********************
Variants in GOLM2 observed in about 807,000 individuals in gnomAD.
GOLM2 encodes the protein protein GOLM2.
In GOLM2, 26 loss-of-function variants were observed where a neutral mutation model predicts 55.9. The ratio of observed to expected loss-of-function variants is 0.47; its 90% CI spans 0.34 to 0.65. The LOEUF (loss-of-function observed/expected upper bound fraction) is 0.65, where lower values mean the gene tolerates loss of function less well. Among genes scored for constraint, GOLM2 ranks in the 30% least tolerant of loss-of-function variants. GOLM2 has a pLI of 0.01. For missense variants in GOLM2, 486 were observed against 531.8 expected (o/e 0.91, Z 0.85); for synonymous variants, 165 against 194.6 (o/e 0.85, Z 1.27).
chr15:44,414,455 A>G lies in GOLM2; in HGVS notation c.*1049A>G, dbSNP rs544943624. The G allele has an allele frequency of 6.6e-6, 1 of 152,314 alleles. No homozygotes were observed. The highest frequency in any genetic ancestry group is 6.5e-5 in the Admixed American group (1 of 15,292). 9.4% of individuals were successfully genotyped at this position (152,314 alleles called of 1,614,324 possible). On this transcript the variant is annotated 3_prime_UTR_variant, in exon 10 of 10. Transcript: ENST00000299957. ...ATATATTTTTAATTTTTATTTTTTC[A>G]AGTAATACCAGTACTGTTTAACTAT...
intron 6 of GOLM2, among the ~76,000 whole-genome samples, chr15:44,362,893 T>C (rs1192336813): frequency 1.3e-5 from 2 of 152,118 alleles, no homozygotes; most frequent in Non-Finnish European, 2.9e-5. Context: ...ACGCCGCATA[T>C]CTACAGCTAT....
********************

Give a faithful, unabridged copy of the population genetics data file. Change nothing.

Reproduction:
Variants in GOLM2 observed in about 807,000 individuals in gnomAD.
GOLM2 encodes the protein protein GOLM2.
In GOLM2, 26 loss-of-function variants were observed where a neutral mutation model predicts 55.9. The ratio of observed to expected loss-of-function variants is 0.47; its 90% CI spans 0.34 to 0.65. The LOEUF (loss-of-function observed/expected upper bound fraction) is 0.65, where lower values mean the gene tolerates loss of function less well. Among genes scored for constraint, GOLM2 ranks in the 30% least tolerant of loss-of-function variants. GOLM2 has a pLI of 0.01. For missense variants in GOLM2, 486 were observed against 531.8 expected (o/e 0.91, Z 0.85); for synonymous variants, 165 against 194.6 (o/e 0.85, Z 1.27).
chr15:44,414,455 A>G lies in GOLM2; in HGVS notation c.*1049A>G, dbSNP rs544943624. The G allele has an allele frequency of 6.6e-6, 1 of 152,314 alleles. No homozygotes were observed. The highest frequency in any genetic ancestry group is 6.5e-5 in the Admixed American group (1 of 15,292). 9.4% of individuals were successfully genotyped at this position (152,314 alleles called of 1,614,324 possible). On this transcript the variant is annotated 3_prime_UTR_variant, in exon 10 of 10. Transcript: ENST00000299957. ...ATATATTTTTAATTTTTATTTTTTC[A>G]AGTAATACCAGTACTGTTTAACTAT...
intron 6 of GOLM2, among the ~76,000 whole-genome samples, chr15:44,362,893 T>C (rs1192336813): frequency 1.3e-5 from 2 of 152,118 alleles, no homozygotes; most frequent in Non-Finnish European, 2.9e-5. Context: ...ACGCCGCATA[T>C]CTACAGCTAT....